Rain, rain, go away! You wouldn’t know it today with the rain hammering down outside but the start of Spring was promising with bright blue skies, birds singing, the village sheep baa-ing, bright yellow daffodils in full bloom and the kids and I spotting our shadows as we enjoyed our walks to and from school…apparently its due to brighten up tomorrow!
When we said goodbye to our chickens earlier this year I was determined to use the space for something the children could still all enjoy and benefit from. In their place we now have two raised beds, one for growing fruit and vegetables, and one which I am creating a sensory garden in.
I have made a start on this by planting the last of my sunflower seeds that I have used in previous years, I hope the bright colour and eye-catching flowers will be popular with this years mindees.
Along the front of the bed I have planted some mint taken from a cutting elsehwhere in the garden and also some basil and some rosemary which hopefully the children will enjoy using their sense of smell to enjoy.
Next up, I would like to plant something called ‘Lambs ears’. I loved this plant as a child, it has incredibly soft leaves which I hope the children will enjoy with their sense of touch.
I also plan to plant some lavender that we like to use our playdough for a more sensory experience.
I am pleased to report that the sunflowers have started to grow already and I will keep you posted as to how it all progresses.
I keep reading about lavender playdough and have been desperate to try it! Yesterday afternoon the children cut some stems from the lavender plant in the garden. We then made fresh playdough which they love – taking it in turns to pour in a sachet of cream of tartar each, taking it in turns to stir and pour the flour in. We then added the lavender and got kneading! It was a very calming, soothing sensory play session!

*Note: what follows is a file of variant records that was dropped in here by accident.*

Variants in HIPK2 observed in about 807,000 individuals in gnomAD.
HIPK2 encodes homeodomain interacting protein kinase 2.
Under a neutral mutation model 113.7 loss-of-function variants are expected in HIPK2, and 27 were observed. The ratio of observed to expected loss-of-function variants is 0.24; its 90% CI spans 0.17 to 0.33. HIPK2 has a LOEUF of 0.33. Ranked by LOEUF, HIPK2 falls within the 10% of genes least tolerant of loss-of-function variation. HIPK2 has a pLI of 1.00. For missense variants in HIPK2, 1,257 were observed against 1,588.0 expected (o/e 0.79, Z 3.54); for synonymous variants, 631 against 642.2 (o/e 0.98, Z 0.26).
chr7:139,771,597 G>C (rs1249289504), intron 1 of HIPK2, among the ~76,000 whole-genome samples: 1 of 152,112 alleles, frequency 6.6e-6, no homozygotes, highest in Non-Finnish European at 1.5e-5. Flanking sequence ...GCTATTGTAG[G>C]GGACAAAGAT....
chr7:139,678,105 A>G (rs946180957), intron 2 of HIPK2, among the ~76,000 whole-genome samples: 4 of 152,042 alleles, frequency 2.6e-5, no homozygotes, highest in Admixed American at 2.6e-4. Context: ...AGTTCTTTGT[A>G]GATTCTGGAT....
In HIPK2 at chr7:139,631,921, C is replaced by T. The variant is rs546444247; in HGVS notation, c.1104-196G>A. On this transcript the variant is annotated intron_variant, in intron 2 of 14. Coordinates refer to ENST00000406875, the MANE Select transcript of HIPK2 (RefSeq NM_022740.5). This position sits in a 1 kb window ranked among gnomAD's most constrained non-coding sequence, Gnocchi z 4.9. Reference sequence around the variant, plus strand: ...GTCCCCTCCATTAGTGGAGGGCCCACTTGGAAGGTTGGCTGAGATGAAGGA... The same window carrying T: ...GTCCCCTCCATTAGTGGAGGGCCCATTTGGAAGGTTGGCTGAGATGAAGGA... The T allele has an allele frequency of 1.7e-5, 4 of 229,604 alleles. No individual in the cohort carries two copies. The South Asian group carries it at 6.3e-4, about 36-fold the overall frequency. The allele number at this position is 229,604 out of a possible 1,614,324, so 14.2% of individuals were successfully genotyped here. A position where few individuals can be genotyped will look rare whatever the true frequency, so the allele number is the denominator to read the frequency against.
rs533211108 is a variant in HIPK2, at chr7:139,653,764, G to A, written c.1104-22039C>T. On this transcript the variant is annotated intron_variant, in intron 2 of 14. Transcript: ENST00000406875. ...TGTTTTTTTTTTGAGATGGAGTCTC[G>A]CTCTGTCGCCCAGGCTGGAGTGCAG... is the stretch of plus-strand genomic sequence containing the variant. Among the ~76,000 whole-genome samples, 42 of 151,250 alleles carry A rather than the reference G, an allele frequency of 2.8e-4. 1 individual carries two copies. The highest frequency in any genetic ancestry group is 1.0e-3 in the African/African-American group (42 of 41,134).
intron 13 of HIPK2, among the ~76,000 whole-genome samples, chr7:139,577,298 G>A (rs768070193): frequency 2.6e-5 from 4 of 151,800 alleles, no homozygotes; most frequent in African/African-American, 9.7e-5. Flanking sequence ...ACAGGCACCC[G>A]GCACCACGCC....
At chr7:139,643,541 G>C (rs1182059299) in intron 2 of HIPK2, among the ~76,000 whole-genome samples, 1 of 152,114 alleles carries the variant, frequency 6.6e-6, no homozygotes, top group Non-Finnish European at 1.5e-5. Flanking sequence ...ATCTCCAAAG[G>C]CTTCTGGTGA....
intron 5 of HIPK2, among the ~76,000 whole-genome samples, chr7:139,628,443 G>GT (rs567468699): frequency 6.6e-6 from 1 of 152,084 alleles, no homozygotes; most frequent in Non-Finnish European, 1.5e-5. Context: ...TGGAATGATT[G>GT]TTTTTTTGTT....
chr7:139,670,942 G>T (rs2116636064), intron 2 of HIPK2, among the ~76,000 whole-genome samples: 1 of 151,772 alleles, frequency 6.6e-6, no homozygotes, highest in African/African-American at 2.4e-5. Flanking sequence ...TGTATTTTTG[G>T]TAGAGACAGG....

I love using playdough with the children, it’s not just fun to make and play with but covers lots of areas of learning too –
By making the playdough from scratch together, the children learn about measurement and numbers by filling the cup and comparing the size of teaspoons and tablespoons, and about counting as we add the ingredients.
Children note changes in shape and size as they comment on, compare, and contrast the objects they make (“I made a triangle” and “Mine is a tiny ball and yours is big”). Others notice who has more or less playdough.
It encourages mathematical thinking – “What shape is that?” “Which snake is longer?” or “How many pieces do you have now?”
Children practice counting, learn about shapes (geometry) and how they relate to each other (spatial sense), and practice sorting and classifying.
While poking, rolling, and squishing playdough, children develop the small muscles in their fingers and hands. They use hands, fingers, and tools to pound, push, poke, shape, flatten, roll, cut, and scrape. Through these manipulations, children develop eye-hand coordination, the ability to match hand movement with eye movement. They also gain strength and improve dexterity in their hands and fingers, critical areas of physical development for writing, drawing, and other purposes.
Communication and Language
Children practice listening to and talking with others
It helps children build their vocabulary as they explain what they are doing. For example, when a child exclaims, “Chop!” as she brings down the plastic knife, she uses just the right word to describe her action.
Children use language to invent stories about their playdough creations.
Creativity and Imagination
Children express their ideas through art and make-believe play. At the same time, they learn symbolic thinking by pretending that the playdough is something else (“That thing with the antlers is a moose”).
Social and emotional development
It lets children feel competent (“I’m good at rolling the dough”) and proud of their accomplishments (“Hey, I made a dog”). Pounding, flattening, and squeezing are healthy and safe outlets for extra energy. They can also help children cope with strong feelings like anger or stress.